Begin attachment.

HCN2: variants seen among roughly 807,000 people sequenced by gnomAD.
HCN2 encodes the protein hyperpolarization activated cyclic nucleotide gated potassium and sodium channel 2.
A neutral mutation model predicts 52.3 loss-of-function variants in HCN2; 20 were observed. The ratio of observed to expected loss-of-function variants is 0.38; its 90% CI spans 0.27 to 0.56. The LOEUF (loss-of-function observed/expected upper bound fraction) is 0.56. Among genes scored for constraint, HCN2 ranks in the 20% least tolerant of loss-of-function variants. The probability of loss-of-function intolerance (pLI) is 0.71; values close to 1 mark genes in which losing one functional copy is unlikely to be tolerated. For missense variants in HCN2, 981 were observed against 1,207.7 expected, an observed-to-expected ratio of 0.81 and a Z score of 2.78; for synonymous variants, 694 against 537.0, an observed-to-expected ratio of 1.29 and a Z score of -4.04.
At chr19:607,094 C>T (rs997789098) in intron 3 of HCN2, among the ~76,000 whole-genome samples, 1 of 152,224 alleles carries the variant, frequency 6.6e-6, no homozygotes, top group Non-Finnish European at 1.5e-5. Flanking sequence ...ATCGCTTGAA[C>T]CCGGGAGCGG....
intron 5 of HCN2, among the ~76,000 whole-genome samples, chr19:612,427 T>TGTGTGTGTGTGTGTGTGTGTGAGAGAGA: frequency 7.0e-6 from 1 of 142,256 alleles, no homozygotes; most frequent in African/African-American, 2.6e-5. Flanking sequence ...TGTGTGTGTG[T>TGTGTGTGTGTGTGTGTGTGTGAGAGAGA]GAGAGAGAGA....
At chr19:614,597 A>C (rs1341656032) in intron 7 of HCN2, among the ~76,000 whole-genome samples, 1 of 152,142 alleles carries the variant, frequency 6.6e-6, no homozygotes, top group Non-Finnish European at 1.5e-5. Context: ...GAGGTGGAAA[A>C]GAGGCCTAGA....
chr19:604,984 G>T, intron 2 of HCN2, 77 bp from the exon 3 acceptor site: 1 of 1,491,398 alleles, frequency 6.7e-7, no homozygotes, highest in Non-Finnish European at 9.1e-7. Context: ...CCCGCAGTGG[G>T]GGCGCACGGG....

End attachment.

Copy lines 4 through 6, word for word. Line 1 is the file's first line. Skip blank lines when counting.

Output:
At chr19:607,094 C>T (rs997789098) in intron 3 of HCN2, among the ~76,000 whole-genome samples, 1 of 152,224 alleles carries the variant, frequency 6.6e-6, no homozygotes, top group Non-Finnish European at 1.5e-5. Flanking sequence ...ATCGCTTGAA[C>T]CCGGGAGCGG....
intron 5 of HCN2, among the ~76,000 whole-genome samples, chr19:612,427 T>TGTGTGTGTGTGTGTGTGTGTGAGAGAGA: frequency 7.0e-6 from 1 of 142,256 alleles, no homozygotes; most frequent in African/African-American, 2.6e-5. Flanking sequence ...TGTGTGTGTG[T>TGTGTGTGTGTGTGTGTGTGTGAGAGAGA]GAGAGAGAGA....
At chr19:614,597 A>C (rs1341656032) in intron 7 of HCN2, among the ~76,000 whole-genome samples, 1 of 152,142 alleles carries the variant, frequency 6.6e-6, no homozygotes, top group Non-Finnish European at 1.5e-5. Context: ...GAGGTGGAAA[A>C]GAGGCCTAGA....